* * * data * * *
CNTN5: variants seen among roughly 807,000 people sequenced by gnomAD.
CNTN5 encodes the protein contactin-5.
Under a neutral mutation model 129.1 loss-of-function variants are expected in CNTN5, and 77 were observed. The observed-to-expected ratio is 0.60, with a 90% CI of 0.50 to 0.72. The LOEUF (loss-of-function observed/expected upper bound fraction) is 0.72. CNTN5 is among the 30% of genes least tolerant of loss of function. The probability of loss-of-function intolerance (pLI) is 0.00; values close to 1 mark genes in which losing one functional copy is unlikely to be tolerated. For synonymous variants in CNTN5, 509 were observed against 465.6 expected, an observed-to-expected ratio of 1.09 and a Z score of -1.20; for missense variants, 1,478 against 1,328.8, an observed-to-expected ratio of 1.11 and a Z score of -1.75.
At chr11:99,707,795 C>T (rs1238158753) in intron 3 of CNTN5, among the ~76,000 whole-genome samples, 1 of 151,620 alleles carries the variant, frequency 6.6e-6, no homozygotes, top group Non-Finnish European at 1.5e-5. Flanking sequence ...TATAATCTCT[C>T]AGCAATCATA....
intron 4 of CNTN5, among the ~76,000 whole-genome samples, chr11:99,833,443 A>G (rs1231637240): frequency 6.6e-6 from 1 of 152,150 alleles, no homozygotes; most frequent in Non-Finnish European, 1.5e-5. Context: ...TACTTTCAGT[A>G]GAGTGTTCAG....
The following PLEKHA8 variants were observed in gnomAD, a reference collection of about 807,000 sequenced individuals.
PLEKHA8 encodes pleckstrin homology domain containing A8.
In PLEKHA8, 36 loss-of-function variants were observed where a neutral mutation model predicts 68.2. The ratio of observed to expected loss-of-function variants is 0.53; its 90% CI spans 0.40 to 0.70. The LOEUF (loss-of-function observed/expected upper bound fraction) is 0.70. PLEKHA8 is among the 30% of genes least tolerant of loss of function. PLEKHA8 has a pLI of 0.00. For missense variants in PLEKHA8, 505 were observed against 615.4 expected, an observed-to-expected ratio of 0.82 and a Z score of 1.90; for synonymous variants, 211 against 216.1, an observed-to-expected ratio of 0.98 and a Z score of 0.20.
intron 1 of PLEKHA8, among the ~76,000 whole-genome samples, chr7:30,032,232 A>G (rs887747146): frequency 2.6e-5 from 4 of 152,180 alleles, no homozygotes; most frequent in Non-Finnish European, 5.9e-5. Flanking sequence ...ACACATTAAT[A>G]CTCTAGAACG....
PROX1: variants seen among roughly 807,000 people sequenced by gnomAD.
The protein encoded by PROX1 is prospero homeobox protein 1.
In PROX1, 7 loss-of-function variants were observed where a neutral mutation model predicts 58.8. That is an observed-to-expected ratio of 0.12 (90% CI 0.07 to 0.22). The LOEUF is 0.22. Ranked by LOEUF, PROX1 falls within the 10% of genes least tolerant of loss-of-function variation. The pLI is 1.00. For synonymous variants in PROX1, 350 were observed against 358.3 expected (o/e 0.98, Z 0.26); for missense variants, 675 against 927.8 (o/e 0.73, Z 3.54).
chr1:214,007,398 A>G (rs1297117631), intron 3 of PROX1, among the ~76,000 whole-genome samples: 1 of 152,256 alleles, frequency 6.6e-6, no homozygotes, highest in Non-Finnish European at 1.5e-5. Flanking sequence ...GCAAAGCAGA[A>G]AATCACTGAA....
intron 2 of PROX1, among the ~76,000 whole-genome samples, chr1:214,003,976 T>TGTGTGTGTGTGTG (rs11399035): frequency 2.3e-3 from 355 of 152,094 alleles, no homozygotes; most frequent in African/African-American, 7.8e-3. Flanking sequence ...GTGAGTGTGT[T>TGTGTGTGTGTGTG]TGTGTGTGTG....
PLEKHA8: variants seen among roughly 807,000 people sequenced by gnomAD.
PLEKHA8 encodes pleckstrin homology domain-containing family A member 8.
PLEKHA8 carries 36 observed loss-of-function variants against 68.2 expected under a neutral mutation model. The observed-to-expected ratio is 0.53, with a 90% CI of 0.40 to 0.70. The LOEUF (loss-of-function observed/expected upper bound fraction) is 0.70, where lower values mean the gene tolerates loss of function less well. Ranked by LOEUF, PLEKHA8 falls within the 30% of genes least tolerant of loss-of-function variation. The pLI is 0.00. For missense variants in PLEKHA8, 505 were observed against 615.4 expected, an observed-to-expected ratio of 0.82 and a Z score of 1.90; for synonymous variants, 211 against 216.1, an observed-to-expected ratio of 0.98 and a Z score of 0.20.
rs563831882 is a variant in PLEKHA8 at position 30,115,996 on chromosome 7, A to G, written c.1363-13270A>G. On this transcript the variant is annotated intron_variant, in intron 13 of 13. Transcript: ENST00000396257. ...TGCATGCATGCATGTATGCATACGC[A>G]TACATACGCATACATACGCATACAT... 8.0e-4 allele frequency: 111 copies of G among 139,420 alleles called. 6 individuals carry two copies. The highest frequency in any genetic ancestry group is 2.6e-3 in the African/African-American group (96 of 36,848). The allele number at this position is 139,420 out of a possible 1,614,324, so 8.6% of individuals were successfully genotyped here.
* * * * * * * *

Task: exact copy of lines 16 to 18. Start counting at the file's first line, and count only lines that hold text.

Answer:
PLEKHA8 encodes pleckstrin homology domain-containing family A member 8.
PLEKHA8 carries 36 observed loss-of-function variants against 68.2 expected under a neutral mutation model. The observed-to-expected ratio is 0.53, with a 90% CI of 0.40 to 0.70. The LOEUF (loss-of-function observed/expected upper bound fraction) is 0.70, where lower values mean the gene tolerates loss of function less well. Ranked by LOEUF, PLEKHA8 falls within the 30% of genes least tolerant of loss-of-function variation. The pLI is 0.00. For missense variants in PLEKHA8, 505 were observed against 615.4 expected, an observed-to-expected ratio of 0.82 and a Z score of 1.90; for synonymous variants, 211 against 216.1, an observed-to-expected ratio of 0.98 and a Z score of 0.20.
rs563831882 is a variant in PLEKHA8 at position 30,115,996 on chromosome 7, A to G, written c.1363-13270A>G. On this transcript the variant is annotated intron_variant, in intron 13 of 13. Transcript: ENST00000396257. ...TGCATGCATGCATGTATGCATACGC[A>G]TACATACGCATACATACGCATACAT... 8.0e-4 allele frequency: 111 copies of G among 139,420 alleles called. 6 individuals carry two copies. The highest frequency in any genetic ancestry group is 2.6e-3 in the African/African-American group (96 of 36,848). The allele number at this position is 139,420 out of a possible 1,614,324, so 8.6% of individuals were successfully genotyped here.